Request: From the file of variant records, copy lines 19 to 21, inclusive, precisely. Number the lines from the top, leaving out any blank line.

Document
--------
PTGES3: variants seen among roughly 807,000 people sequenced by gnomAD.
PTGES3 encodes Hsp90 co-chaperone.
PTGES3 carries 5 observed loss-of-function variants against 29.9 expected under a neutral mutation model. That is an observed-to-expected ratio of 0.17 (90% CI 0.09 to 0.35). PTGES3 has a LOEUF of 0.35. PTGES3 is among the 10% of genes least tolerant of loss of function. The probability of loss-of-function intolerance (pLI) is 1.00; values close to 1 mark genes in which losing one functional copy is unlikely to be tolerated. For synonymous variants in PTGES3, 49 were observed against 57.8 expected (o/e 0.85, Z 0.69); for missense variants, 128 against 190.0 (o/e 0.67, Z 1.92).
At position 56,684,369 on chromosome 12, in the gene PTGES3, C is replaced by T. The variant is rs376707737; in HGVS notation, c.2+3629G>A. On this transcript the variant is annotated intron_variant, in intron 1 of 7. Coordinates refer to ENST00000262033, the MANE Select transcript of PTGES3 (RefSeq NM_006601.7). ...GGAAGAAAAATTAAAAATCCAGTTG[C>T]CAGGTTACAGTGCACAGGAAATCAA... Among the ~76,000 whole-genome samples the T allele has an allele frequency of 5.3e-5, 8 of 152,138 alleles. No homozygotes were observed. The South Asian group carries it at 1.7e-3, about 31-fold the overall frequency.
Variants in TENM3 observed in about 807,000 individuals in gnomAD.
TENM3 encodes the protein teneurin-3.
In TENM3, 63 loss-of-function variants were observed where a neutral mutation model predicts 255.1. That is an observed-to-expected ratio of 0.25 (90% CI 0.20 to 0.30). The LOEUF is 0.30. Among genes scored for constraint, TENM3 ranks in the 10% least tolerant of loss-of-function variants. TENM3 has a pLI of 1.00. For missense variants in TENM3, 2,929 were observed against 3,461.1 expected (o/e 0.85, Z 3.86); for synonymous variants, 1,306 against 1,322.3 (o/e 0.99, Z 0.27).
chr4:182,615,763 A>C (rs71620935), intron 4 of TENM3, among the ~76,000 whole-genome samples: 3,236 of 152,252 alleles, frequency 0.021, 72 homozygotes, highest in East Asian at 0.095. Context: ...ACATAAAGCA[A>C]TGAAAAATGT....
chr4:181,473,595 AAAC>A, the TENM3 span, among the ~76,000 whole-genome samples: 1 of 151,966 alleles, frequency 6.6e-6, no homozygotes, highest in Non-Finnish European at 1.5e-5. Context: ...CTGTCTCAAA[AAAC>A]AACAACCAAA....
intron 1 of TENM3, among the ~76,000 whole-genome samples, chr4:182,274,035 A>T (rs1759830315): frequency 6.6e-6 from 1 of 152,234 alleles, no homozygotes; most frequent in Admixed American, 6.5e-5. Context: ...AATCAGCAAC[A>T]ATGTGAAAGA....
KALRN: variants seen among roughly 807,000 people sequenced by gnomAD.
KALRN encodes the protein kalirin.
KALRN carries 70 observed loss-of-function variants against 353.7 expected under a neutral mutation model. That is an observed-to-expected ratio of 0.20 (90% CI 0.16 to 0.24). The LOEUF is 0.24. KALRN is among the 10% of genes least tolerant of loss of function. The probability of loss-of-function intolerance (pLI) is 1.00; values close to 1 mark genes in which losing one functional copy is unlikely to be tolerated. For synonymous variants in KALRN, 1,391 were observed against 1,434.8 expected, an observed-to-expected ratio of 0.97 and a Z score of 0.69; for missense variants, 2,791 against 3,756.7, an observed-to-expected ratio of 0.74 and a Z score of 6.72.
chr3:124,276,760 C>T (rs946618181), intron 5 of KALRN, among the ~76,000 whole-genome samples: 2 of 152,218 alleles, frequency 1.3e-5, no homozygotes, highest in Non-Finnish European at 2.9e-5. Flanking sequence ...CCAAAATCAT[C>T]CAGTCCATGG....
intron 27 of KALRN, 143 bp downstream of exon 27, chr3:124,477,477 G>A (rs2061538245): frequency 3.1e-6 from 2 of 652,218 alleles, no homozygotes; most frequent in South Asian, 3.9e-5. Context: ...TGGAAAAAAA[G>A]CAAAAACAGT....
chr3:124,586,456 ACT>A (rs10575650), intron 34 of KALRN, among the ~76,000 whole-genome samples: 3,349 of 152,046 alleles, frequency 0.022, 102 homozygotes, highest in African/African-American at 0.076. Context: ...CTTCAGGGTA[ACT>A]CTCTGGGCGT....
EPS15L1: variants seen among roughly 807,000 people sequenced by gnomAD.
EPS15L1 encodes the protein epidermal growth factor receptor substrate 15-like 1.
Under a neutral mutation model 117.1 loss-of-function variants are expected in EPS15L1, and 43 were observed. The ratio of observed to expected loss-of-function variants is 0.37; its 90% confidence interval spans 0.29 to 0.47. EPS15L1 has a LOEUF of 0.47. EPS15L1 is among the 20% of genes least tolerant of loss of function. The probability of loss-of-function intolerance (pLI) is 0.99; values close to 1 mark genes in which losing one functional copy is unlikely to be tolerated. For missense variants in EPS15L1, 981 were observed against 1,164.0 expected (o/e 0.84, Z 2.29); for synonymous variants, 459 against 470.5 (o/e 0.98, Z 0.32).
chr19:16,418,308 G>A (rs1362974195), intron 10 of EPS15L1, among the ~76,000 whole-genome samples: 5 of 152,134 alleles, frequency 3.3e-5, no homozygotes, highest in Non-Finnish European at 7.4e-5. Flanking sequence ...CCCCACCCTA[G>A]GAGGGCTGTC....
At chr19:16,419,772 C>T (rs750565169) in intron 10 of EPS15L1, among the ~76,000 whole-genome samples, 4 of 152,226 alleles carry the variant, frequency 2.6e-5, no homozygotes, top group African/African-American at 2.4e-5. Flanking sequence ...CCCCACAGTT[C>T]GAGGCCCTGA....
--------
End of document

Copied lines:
Under a neutral mutation model 117.1 loss-of-function variants are expected in EPS15L1, and 43 were observed. The ratio of observed to expected loss-of-function variants is 0.37; its 90% confidence interval spans 0.29 to 0.47. EPS15L1 has a LOEUF of 0.47. EPS15L1 is among the 20% of genes least tolerant of loss of function. The probability of loss-of-function intolerance (pLI) is 0.99; values close to 1 mark genes in which losing one functional copy is unlikely to be tolerated. For missense variants in EPS15L1, 981 were observed against 1,164.0 expected (o/e 0.84, Z 2.29); for synonymous variants, 459 against 470.5 (o/e 0.98, Z 0.32).
chr19:16,418,308 G>A (rs1362974195), intron 10 of EPS15L1, among the ~76,000 whole-genome samples: 5 of 152,134 alleles, frequency 3.3e-5, no homozygotes, highest in Non-Finnish European at 7.4e-5. Flanking sequence ...CCCCACCCTA[G>A]GAGGGCTGTC....
At chr19:16,419,772 C>T (rs750565169) in intron 10 of EPS15L1, among the ~76,000 whole-genome samples, 4 of 152,226 alleles carry the variant, frequency 2.6e-5, no homozygotes, top group African/African-American at 2.4e-5. Flanking sequence ...CCCCACAGTT[C>T]GAGGCCCTGA....